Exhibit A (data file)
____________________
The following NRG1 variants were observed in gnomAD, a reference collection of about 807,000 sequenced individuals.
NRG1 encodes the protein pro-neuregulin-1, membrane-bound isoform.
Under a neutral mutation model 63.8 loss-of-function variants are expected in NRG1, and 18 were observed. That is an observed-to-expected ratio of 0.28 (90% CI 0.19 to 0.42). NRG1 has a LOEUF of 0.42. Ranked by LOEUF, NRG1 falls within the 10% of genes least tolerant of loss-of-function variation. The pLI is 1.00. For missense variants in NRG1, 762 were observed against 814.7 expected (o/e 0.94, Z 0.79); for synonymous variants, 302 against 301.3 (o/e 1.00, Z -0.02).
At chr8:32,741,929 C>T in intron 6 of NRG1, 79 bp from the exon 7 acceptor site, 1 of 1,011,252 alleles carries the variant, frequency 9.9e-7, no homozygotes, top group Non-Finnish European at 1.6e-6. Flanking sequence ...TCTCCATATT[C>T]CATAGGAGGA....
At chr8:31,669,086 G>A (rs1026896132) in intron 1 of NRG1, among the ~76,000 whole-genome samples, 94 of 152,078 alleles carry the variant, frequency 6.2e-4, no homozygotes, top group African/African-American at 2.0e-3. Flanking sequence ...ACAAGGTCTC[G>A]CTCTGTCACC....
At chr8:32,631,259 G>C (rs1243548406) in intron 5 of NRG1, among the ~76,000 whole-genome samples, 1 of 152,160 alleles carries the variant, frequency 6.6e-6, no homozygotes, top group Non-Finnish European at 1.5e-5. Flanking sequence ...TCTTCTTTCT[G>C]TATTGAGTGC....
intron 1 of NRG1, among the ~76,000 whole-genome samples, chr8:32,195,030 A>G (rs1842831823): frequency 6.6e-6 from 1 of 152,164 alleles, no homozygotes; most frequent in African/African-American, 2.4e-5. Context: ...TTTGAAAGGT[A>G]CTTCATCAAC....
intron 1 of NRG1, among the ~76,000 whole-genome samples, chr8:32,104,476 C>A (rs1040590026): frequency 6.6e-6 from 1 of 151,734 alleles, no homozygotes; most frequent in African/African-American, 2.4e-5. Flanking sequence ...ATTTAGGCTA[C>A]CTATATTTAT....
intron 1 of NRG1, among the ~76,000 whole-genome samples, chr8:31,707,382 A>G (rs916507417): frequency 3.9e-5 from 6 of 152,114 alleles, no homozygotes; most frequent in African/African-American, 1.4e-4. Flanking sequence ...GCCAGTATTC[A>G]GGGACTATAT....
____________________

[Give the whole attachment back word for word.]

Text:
The following NRG1 variants were observed in gnomAD, a reference collection of about 807,000 sequenced individuals.
NRG1 encodes the protein pro-neuregulin-1, membrane-bound isoform.
Under a neutral mutation model 63.8 loss-of-function variants are expected in NRG1, and 18 were observed. That is an observed-to-expected ratio of 0.28 (90% CI 0.19 to 0.42). NRG1 has a LOEUF of 0.42. Ranked by LOEUF, NRG1 falls within the 10% of genes least tolerant of loss-of-function variation. The pLI is 1.00. For missense variants in NRG1, 762 were observed against 814.7 expected (o/e 0.94, Z 0.79); for synonymous variants, 302 against 301.3 (o/e 1.00, Z -0.02).
At chr8:32,741,929 C>T in intron 6 of NRG1, 79 bp from the exon 7 acceptor site, 1 of 1,011,252 alleles carries the variant, frequency 9.9e-7, no homozygotes, top group Non-Finnish European at 1.6e-6. Flanking sequence ...TCTCCATATT[C>T]CATAGGAGGA....
At chr8:31,669,086 G>A (rs1026896132) in intron 1 of NRG1, among the ~76,000 whole-genome samples, 94 of 152,078 alleles carry the variant, frequency 6.2e-4, no homozygotes, top group African/African-American at 2.0e-3. Flanking sequence ...ACAAGGTCTC[G>A]CTCTGTCACC....
At chr8:32,631,259 G>C (rs1243548406) in intron 5 of NRG1, among the ~76,000 whole-genome samples, 1 of 152,160 alleles carries the variant, frequency 6.6e-6, no homozygotes, top group Non-Finnish European at 1.5e-5. Flanking sequence ...TCTTCTTTCT[G>C]TATTGAGTGC....
intron 1 of NRG1, among the ~76,000 whole-genome samples, chr8:32,195,030 A>G (rs1842831823): frequency 6.6e-6 from 1 of 152,164 alleles, no homozygotes; most frequent in African/African-American, 2.4e-5. Context: ...TTTGAAAGGT[A>G]CTTCATCAAC....
intron 1 of NRG1, among the ~76,000 whole-genome samples, chr8:32,104,476 C>A (rs1040590026): frequency 6.6e-6 from 1 of 151,734 alleles, no homozygotes; most frequent in African/African-American, 2.4e-5. Flanking sequence ...ATTTAGGCTA[C>A]CTATATTTAT....
intron 1 of NRG1, among the ~76,000 whole-genome samples, chr8:31,707,382 A>G (rs916507417): frequency 3.9e-5 from 6 of 152,114 alleles, no homozygotes; most frequent in African/African-American, 1.4e-4. Flanking sequence ...GCCAGTATTC[A>G]GGGACTATAT....